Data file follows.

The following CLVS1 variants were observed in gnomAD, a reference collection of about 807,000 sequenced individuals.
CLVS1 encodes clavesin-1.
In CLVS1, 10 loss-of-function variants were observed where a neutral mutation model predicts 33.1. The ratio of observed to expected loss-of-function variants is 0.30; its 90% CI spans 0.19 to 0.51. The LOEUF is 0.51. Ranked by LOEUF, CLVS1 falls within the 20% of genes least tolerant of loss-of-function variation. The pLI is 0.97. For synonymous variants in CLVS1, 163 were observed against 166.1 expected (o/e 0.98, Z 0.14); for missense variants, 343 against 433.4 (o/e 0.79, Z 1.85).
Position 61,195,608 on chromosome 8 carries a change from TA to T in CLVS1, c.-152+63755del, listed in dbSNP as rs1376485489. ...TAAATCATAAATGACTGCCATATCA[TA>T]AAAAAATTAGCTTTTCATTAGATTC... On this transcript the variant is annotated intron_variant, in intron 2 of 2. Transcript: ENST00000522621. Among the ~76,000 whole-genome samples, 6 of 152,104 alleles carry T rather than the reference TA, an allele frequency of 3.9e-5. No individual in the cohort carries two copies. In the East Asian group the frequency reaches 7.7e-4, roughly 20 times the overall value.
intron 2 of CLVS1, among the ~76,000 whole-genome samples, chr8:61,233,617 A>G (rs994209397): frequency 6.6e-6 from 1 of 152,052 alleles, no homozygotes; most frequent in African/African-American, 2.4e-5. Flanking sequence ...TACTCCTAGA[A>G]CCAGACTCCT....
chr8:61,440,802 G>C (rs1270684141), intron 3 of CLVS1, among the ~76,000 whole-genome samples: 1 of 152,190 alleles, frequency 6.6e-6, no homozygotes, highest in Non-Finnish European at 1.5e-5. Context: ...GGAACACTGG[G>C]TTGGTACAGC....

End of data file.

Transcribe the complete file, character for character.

The following CLVS1 variants were observed in gnomAD, a reference collection of about 807,000 sequenced individuals.
CLVS1 encodes clavesin-1.
In CLVS1, 10 loss-of-function variants were observed where a neutral mutation model predicts 33.1. The ratio of observed to expected loss-of-function variants is 0.30; its 90% CI spans 0.19 to 0.51. The LOEUF is 0.51. Ranked by LOEUF, CLVS1 falls within the 20% of genes least tolerant of loss-of-function variation. The pLI is 0.97. For synonymous variants in CLVS1, 163 were observed against 166.1 expected (o/e 0.98, Z 0.14); for missense variants, 343 against 433.4 (o/e 0.79, Z 1.85).
Position 61,195,608 on chromosome 8 carries a change from TA to T in CLVS1, c.-152+63755del, listed in dbSNP as rs1376485489. ...TAAATCATAAATGACTGCCATATCA[TA>T]AAAAAATTAGCTTTTCATTAGATTC... On this transcript the variant is annotated intron_variant, in intron 2 of 2. Transcript: ENST00000522621. Among the ~76,000 whole-genome samples, 6 of 152,104 alleles carry T rather than the reference TA, an allele frequency of 3.9e-5. No individual in the cohort carries two copies. In the East Asian group the frequency reaches 7.7e-4, roughly 20 times the overall value.
intron 2 of CLVS1, among the ~76,000 whole-genome samples, chr8:61,233,617 A>G (rs994209397): frequency 6.6e-6 from 1 of 152,052 alleles, no homozygotes; most frequent in African/African-American, 2.4e-5. Flanking sequence ...TACTCCTAGA[A>G]CCAGACTCCT....
chr8:61,440,802 G>C (rs1270684141), intron 3 of CLVS1, among the ~76,000 whole-genome samples: 1 of 152,190 alleles, frequency 6.6e-6, no homozygotes, highest in Non-Finnish European at 1.5e-5. Context: ...GGAACACTGG[G>C]TTGGTACAGC....